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For some, there’s therapy… For the rest of us, there’s motorcycles

For some, there’s therapy… For the rest of us, there’s motorcycles

Discover how one rider was baptized by the wind

“There are certain truths that occurs to us, which we cannot convey in words, but requires a personal experience to grasp more vividly.”  Michael Bassey Johnson

You’ve seen it.

I know you’ve seen it.

Whether it’s been on facebook, as a motivational poster, or a sticker attached to someone’s helmet, the ‘For some, there’s therapy… For the rest of us, there’s motorcycles’ saying rings true for anyone who has been baptized by the wind.

As a new rider, I didn’t really understand just how true that old saying is until a found myself staring out the window this past winter, waiting for the snow to melt and gazing longingly out at the garden shed where Ruby was resting comfortably in hibernation.

Once I started riding, it never really occurred to me that there would be a time when I couldn’t.

Ride, that is.

There are days when I can’t wait to leave work and get home fast enough to suit up and hit the back roads.

There are other days when my heart isn’t quite into yet, but I surrender to the voice in my head that tells me I need to get out into the wind. Once I’m there, I can’t imagine why I even questioned the decision to get out and ride.

You know what I’m talking about. If you ride, you know.

What’s that other old saying? ‘You never see a motorcycle outside of a therapist’s office’? Who would have thought that there were universal truths and wisdom to be found on helmet stickers and biker patches…

We bikers, motorcycle enthusiasts, and riders – whatever you want to call us – are a rather spiritual bunch. We find inner peace and outer pleasure in the intangibles that are tied to riding on two (and sometimes three) wheels.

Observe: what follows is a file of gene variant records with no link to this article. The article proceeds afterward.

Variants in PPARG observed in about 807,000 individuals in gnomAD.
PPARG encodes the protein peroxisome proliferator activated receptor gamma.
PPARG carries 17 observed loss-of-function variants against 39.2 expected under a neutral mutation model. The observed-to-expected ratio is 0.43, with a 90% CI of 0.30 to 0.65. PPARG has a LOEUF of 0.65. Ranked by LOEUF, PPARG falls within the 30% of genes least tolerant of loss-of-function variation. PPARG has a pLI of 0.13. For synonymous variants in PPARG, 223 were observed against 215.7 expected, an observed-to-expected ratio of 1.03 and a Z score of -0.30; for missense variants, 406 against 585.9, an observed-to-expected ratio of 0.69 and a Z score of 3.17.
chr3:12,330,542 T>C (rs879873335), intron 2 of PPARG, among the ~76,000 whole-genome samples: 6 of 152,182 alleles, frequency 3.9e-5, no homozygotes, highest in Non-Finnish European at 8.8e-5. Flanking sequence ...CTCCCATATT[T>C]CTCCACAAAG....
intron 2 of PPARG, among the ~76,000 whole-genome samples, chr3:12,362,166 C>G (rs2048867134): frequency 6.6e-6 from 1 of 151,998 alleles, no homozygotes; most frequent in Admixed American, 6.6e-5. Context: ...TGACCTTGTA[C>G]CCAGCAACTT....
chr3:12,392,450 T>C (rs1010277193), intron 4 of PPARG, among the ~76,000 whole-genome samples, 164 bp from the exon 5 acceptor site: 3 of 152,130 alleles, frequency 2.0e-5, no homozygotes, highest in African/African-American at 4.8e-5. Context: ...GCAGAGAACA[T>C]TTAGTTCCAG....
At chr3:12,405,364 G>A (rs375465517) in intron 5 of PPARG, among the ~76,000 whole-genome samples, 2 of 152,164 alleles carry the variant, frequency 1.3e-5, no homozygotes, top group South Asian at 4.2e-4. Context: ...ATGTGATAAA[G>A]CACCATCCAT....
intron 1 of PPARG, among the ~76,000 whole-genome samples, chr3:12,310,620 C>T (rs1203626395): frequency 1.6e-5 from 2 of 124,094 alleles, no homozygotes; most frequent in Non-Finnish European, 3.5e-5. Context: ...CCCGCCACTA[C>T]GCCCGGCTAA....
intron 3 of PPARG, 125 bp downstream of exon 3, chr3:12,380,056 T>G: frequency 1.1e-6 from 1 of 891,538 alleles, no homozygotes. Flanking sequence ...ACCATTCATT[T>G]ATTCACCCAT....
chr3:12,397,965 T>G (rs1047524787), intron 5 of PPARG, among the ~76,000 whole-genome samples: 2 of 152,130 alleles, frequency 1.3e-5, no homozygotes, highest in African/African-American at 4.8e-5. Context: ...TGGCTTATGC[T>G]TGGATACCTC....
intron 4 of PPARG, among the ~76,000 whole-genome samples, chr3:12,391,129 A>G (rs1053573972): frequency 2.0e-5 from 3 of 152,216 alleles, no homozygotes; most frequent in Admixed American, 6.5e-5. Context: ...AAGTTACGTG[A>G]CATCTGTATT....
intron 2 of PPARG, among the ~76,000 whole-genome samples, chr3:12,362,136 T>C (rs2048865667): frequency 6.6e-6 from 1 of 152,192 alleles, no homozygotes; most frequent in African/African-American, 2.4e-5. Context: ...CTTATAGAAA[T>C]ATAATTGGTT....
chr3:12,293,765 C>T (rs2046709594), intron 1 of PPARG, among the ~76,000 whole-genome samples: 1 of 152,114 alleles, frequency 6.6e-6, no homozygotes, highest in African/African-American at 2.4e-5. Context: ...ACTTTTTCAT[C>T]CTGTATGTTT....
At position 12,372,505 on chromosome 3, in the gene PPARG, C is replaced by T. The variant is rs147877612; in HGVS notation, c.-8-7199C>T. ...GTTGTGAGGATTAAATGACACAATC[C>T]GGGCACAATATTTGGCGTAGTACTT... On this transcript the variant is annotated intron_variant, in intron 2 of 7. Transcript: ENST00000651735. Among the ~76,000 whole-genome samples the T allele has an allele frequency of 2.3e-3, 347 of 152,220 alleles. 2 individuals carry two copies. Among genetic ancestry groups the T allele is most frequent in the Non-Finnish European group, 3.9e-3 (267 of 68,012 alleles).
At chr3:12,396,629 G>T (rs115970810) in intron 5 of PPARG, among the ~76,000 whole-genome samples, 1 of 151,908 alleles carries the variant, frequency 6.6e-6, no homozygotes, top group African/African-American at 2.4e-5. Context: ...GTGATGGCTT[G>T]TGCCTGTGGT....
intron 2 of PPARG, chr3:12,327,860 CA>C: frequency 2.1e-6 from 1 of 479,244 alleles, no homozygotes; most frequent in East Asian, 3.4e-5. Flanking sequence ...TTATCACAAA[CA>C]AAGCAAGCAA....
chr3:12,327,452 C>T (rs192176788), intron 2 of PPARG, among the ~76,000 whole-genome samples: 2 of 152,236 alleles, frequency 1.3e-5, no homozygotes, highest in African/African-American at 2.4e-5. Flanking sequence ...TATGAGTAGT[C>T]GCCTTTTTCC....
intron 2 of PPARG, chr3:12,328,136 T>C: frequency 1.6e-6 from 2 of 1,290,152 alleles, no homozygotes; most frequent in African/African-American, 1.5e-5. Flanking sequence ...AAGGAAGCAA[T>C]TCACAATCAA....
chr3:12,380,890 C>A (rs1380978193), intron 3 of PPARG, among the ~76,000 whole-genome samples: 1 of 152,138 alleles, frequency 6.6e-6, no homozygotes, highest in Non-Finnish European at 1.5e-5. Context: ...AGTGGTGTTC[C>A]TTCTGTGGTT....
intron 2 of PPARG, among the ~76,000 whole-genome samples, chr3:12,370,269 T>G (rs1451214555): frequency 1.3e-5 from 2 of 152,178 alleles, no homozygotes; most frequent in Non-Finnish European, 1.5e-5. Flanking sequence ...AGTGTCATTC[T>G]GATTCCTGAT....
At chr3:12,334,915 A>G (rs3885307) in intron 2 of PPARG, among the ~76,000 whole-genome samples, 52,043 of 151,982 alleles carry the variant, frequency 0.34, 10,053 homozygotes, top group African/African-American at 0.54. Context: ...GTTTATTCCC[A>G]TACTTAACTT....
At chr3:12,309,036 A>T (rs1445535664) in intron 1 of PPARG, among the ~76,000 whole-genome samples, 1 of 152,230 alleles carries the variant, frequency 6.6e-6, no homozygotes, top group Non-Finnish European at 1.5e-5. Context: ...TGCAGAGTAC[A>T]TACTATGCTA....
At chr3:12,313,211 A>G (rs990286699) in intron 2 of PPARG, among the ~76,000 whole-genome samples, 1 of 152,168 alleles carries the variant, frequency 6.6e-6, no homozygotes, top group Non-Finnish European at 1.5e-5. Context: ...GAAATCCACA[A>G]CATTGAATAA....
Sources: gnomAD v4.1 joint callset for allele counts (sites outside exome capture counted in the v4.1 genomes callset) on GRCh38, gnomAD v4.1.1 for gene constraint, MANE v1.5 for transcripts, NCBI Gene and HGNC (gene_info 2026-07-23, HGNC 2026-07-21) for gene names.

It’s all about the journeys we take, the roads we fly, and the sometimes ordinarily incredible places we find ourselves that define us as a group and family.

I read about road trips and daytrips and side-trips on this site and I wonder if some of the things that I attach to and find meaning in are the least bit interesting to more ‘seasoned’ riders browsing through the stories here.

I’d like to think so.

We all had to start somewhere. Many of you have either ‘Been there, done that’, know someone who has, or are right in the middle of finding out these things for yourself.

My new rider status has me seeking out new and interesting things to explore while I get more comfortable riding in traffic, explore unknown (to me) roads without the comforting guidance of a GPS, and documenting my progress with the trusty camera that is always by my side (and in my saddlebag) every single time I put on my helmet.

I’m always looking for great places and interesting backdrops for a photo session with Ruby (my VStar 650 Custom).

Sometimes, it’s a simple stop on the side of some country road. At other times, it’s a little more interesting and the location holds a special place in my heart and is significant for personal reasons.

Such is the Central Park Labyrinth in Burlington, Ontario.


Fairly easy to get to, Central Park is an expansive green space not far from the QEW. Home to a rose garden, children’s playgrounds, soccer fields, baseball diamonds, the Rotary Memorial Forest and much more, the Park is also home to the Central Park Labyrinth.